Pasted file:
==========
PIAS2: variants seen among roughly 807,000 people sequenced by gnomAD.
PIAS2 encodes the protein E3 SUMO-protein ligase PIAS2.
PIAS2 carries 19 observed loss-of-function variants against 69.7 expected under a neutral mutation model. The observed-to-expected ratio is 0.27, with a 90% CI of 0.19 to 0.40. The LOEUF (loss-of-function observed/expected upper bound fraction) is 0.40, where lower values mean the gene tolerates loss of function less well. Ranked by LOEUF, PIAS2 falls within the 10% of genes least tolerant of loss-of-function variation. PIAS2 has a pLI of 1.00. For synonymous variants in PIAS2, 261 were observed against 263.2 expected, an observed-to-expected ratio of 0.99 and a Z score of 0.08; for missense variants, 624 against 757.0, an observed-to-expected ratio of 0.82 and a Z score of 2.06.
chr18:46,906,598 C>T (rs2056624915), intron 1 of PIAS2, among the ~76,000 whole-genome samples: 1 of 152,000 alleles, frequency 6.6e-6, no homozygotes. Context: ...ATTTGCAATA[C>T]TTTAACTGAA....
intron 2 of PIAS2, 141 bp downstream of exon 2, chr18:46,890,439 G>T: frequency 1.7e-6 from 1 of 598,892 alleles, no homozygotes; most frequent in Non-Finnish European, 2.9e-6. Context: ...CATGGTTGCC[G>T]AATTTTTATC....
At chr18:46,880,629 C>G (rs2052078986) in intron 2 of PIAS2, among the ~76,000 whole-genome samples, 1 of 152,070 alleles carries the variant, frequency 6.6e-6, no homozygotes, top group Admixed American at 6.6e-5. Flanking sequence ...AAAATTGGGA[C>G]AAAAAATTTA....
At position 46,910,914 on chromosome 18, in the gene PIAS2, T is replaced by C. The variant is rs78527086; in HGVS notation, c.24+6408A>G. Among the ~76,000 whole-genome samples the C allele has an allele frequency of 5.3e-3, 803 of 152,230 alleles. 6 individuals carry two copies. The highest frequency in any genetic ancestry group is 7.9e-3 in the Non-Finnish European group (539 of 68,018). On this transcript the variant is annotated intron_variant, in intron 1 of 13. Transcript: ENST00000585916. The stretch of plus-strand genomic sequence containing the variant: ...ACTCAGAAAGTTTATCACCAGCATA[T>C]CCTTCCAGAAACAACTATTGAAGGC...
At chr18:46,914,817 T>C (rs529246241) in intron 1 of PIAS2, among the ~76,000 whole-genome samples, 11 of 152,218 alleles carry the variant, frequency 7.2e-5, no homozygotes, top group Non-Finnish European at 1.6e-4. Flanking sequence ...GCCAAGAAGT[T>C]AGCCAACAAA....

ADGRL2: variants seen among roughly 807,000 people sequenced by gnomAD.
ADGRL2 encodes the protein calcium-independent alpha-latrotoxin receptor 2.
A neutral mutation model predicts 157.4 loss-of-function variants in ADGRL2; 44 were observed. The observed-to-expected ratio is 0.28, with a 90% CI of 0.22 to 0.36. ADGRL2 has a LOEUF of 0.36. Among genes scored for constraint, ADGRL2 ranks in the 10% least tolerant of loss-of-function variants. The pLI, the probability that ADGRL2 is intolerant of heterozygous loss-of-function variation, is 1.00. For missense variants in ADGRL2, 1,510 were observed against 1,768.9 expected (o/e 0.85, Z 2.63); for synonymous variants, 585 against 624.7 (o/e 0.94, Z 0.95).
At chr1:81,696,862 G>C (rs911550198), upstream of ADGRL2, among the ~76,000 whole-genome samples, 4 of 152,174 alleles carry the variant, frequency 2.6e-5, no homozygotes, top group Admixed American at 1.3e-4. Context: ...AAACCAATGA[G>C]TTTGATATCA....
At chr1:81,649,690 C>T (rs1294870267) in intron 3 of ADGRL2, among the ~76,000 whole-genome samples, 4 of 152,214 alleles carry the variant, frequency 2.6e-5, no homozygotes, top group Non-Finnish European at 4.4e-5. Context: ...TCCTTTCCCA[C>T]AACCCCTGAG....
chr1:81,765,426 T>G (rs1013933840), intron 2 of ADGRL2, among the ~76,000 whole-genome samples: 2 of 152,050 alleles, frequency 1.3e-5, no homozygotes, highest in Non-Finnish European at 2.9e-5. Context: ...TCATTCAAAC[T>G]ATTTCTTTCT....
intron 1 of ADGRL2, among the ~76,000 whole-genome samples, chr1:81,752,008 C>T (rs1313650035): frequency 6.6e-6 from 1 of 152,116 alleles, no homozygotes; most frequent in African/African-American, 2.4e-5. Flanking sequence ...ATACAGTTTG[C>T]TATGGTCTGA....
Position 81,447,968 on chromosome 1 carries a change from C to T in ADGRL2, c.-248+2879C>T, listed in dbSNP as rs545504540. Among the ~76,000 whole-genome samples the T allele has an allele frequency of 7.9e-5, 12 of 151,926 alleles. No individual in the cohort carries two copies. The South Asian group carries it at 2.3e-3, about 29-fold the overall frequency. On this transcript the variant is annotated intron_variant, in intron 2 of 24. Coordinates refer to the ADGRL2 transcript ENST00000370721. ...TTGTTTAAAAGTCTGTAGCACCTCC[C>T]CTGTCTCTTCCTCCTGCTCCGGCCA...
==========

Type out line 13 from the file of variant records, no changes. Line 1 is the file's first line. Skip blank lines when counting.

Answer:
At chr1:81,649,690 C>T (rs1294870267) in intron 3 of ADGRL2, among the ~76,000 whole-genome samples, 4 of 152,214 alleles carry the variant, frequency 2.6e-5, no homozygotes, top group Non-Finnish European at 4.4e-5. Context: ...TCCTTTCCCA[C>T]AACCCCTGAG....